What a difference a year makes

About the author

Ken Duke

Ken Duke

Ken Duke is the Senior Editor of B.A.S.S. Publications. To get your daily dose of bass information, history and trivia, follow him on Twitter @thinkbass.

Early in the 2012 Bassmaster Elite Series season, I wrote a couple of articles on the new scoring system for the Toyota Tundra Bassmaster Angler of the Year race. The points system not only determines the winner of sport fishing's most prestigious award, but also the great majority of berths in the 2013 Bassmaster Classic on Grand Lake, Okla.

As we approach the final Elite event of the season, it seems like a good time to take another look at the new system to see what differences it's made. (Besides, when I was in Green Bay, Ish Monroe asked me if I had run this year's performances against last year's points system. It seemed like a good project for a leisurely Independence Day.)

Here's what I found.

Overall, there were fewer disparities between the old points system and the new system than I anticipated. Yes, it jumbled the standings a little bit, but all of the anglers in the top 10 right now would also be in the top 10 under the old system. The same is true for the anglers ranked 11-20.

Brent Chapman would still be leading the AOY race, but it would be Todd Faircloth right behind him and Ott DeFoe in third. Under the current system, Faircloth and DeFoe are reversed.

Chapman would prefer the old system, though, if only because it would give him a bigger cushion headed into the finale. Right now, if he can make the final 12 at Oneida, no one can catch him. Under the old system, he'd be able to fend off all challengers with a finish in the top 17.

So, Chapman would benefit under the old system, but it's still pretty close. The big difference occurred further down the standings.

The angler who's really hurting under the new system is Britt Myers, currently 37th in the AOY standings and just about on the bubble of qualifying for the Classic. Myers has had some very high highs and some very low lows this season.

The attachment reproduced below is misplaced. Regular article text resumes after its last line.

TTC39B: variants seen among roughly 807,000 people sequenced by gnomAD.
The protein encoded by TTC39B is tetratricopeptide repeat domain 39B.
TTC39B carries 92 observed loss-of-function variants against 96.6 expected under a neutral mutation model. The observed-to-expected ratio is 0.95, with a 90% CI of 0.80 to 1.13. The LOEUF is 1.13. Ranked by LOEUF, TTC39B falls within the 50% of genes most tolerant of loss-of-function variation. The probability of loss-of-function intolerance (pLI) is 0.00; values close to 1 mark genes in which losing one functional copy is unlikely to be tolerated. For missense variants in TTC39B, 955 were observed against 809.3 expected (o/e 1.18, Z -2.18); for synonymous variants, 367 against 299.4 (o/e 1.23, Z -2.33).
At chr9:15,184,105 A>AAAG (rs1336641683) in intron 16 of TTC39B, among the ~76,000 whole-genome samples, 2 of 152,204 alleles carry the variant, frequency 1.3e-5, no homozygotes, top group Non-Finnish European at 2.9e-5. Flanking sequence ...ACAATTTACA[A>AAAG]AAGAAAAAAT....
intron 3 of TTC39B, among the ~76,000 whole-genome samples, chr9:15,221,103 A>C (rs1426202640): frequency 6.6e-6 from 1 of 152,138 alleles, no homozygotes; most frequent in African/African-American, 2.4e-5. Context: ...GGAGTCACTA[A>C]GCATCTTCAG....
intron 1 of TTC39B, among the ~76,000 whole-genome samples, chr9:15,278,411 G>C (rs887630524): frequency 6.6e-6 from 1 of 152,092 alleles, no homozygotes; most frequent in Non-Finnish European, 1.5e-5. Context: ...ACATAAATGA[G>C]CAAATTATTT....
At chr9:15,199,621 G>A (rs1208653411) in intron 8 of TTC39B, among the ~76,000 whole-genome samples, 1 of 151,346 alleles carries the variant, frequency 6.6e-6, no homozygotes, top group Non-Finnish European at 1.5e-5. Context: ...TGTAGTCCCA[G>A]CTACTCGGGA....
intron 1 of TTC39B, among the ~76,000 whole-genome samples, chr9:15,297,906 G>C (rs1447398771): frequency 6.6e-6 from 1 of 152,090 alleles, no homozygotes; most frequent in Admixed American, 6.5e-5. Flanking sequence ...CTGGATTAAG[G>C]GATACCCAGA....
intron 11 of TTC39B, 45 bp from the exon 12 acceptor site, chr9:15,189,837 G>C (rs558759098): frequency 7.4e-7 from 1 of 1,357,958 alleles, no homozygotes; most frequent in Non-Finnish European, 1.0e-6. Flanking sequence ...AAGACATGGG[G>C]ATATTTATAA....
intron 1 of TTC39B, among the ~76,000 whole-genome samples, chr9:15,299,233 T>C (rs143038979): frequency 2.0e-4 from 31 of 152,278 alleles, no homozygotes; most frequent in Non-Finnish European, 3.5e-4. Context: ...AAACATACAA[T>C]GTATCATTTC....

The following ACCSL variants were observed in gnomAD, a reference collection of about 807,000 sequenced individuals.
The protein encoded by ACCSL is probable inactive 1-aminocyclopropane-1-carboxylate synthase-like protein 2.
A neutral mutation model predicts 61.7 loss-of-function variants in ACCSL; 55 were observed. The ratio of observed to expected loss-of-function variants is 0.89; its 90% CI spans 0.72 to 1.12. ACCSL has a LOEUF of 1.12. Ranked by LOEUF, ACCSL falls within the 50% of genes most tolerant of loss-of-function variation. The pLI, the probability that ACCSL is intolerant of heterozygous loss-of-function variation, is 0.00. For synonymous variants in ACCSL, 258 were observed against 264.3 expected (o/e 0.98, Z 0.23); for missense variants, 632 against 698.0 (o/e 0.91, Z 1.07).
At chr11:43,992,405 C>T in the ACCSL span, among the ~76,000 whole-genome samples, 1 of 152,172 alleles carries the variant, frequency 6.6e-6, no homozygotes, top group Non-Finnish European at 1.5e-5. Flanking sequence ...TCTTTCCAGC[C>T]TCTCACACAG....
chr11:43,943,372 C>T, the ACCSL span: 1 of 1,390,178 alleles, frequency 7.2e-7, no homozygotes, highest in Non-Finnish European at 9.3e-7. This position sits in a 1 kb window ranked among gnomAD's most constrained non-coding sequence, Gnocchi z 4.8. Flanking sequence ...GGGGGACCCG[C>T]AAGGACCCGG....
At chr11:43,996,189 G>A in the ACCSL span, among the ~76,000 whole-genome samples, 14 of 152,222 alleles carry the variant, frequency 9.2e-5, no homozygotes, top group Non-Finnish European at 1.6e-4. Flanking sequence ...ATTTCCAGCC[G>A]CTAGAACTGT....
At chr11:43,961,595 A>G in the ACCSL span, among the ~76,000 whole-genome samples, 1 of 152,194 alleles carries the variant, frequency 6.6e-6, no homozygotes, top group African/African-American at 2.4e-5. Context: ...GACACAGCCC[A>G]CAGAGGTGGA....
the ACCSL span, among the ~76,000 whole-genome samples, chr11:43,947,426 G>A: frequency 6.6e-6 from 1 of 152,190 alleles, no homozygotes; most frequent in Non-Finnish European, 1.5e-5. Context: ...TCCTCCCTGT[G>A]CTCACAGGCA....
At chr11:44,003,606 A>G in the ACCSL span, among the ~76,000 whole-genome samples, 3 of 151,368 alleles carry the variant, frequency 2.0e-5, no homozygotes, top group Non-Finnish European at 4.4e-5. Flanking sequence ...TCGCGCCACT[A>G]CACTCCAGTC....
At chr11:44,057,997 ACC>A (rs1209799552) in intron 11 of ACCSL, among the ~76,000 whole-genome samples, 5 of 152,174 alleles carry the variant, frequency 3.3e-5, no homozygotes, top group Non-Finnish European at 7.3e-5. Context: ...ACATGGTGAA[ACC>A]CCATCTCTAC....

After finishing last at the opener on the St. Johns River, Myers got hot. He was 16th on Lake Okeechobee before scoring back-to-back runner-up finishes at Bull Shoals and Douglas. A respectable 31st at Toledo Bend had him in the top dozen or so in the AOY race and looking strong to qualify for his first Classic.

Then the roller coaster started its descent. Myers was 73rd on the Mississippi River and 85th on Lake Michigan. Because the new scoring system is very unforgiving for finishes in the mid 70s and lower (you score fewer points than if you had finished dead last in the old system), Myers has slipped just outside of the cut to qualify for the Classic.

Under the old system, he'd be 26th and looking pretty safe going into the last tournament of the season. That's an 11-place difference for the very same performance.

Of course, Myers can still get to the Classic. But instead of being able to coast in with a mediocre performance at Oneida, he's going to have to make that first cut and a little better to give himself any kind of chance to fish Grand Lake next February.

For what it's worth, I'm not saying that the new system is better or worse than the old one. Just that they're different, and those differences will always have consequences that help some anglers and hurt others.

Mostly, though, the old and new points systems appear as though they'll produce very similar results insofar as who's going to the Bassmaster Classic.

advertisement

advertisement